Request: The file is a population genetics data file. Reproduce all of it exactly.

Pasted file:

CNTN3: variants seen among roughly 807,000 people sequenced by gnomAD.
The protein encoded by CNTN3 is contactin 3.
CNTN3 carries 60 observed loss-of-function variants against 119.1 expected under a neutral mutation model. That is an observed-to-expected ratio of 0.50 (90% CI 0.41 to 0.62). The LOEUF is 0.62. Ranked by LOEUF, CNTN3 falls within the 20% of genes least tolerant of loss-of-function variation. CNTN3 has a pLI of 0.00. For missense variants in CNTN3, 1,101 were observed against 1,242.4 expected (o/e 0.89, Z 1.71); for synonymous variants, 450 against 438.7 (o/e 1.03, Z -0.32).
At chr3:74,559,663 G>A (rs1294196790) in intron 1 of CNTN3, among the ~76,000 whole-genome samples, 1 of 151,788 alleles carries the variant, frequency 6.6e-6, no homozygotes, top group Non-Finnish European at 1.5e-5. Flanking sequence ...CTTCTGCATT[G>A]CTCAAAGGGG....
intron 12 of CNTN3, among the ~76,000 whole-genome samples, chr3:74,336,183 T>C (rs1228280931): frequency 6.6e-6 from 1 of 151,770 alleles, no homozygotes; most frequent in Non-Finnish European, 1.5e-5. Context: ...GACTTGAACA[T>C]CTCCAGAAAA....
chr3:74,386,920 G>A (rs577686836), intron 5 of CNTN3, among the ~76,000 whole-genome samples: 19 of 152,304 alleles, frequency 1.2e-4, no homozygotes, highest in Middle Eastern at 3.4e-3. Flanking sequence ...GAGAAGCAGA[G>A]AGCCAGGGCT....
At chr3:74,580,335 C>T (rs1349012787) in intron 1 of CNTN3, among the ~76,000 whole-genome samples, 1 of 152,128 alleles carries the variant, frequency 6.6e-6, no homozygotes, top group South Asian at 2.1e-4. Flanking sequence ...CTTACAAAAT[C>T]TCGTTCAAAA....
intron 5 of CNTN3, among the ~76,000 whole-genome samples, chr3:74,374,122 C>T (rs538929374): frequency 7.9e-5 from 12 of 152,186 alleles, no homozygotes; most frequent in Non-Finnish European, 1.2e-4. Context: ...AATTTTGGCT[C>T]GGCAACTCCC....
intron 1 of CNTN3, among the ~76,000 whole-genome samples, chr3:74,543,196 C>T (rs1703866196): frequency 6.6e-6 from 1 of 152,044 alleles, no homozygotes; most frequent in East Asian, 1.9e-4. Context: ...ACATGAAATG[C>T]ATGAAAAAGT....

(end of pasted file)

CNTN3: variants seen among roughly 807,000 people sequenced by gnomAD.
The protein encoded by CNTN3 is contactin 3.
CNTN3 carries 60 observed loss-of-function variants against 119.1 expected under a neutral mutation model. That is an observed-to-expected ratio of 0.50 (90% CI 0.41 to 0.62). The LOEUF is 0.62. Ranked by LOEUF, CNTN3 falls within the 20% of genes least tolerant of loss-of-function variation. CNTN3 has a pLI of 0.00. For missense variants in CNTN3, 1,101 were observed against 1,242.4 expected (o/e 0.89, Z 1.71); for synonymous variants, 450 against 438.7 (o/e 1.03, Z -0.32).
At chr3:74,559,663 G>A (rs1294196790) in intron 1 of CNTN3, among the ~76,000 whole-genome samples, 1 of 151,788 alleles carries the variant, frequency 6.6e-6, no homozygotes, top group Non-Finnish European at 1.5e-5. Flanking sequence ...CTTCTGCATT[G>A]CTCAAAGGGG....
intron 12 of CNTN3, among the ~76,000 whole-genome samples, chr3:74,336,183 T>C (rs1228280931): frequency 6.6e-6 from 1 of 151,770 alleles, no homozygotes; most frequent in Non-Finnish European, 1.5e-5. Context: ...GACTTGAACA[T>C]CTCCAGAAAA....
chr3:74,386,920 G>A (rs577686836), intron 5 of CNTN3, among the ~76,000 whole-genome samples: 19 of 152,304 alleles, frequency 1.2e-4, no homozygotes, highest in Middle Eastern at 3.4e-3. Flanking sequence ...GAGAAGCAGA[G>A]AGCCAGGGCT....
At chr3:74,580,335 C>T (rs1349012787) in intron 1 of CNTN3, among the ~76,000 whole-genome samples, 1 of 152,128 alleles carries the variant, frequency 6.6e-6, no homozygotes, top group South Asian at 2.1e-4. Flanking sequence ...CTTACAAAAT[C>T]TCGTTCAAAA....
intron 5 of CNTN3, among the ~76,000 whole-genome samples, chr3:74,374,122 C>T (rs538929374): frequency 7.9e-5 from 12 of 152,186 alleles, no homozygotes; most frequent in Non-Finnish European, 1.2e-4. Context: ...AATTTTGGCT[C>T]GGCAACTCCC....
intron 1 of CNTN3, among the ~76,000 whole-genome samples, chr3:74,543,196 C>T (rs1703866196): frequency 6.6e-6 from 1 of 152,044 alleles, no homozygotes; most frequent in East Asian, 1.9e-4. Context: ...ACATGAAATG[C>T]ATGAAAAAGT....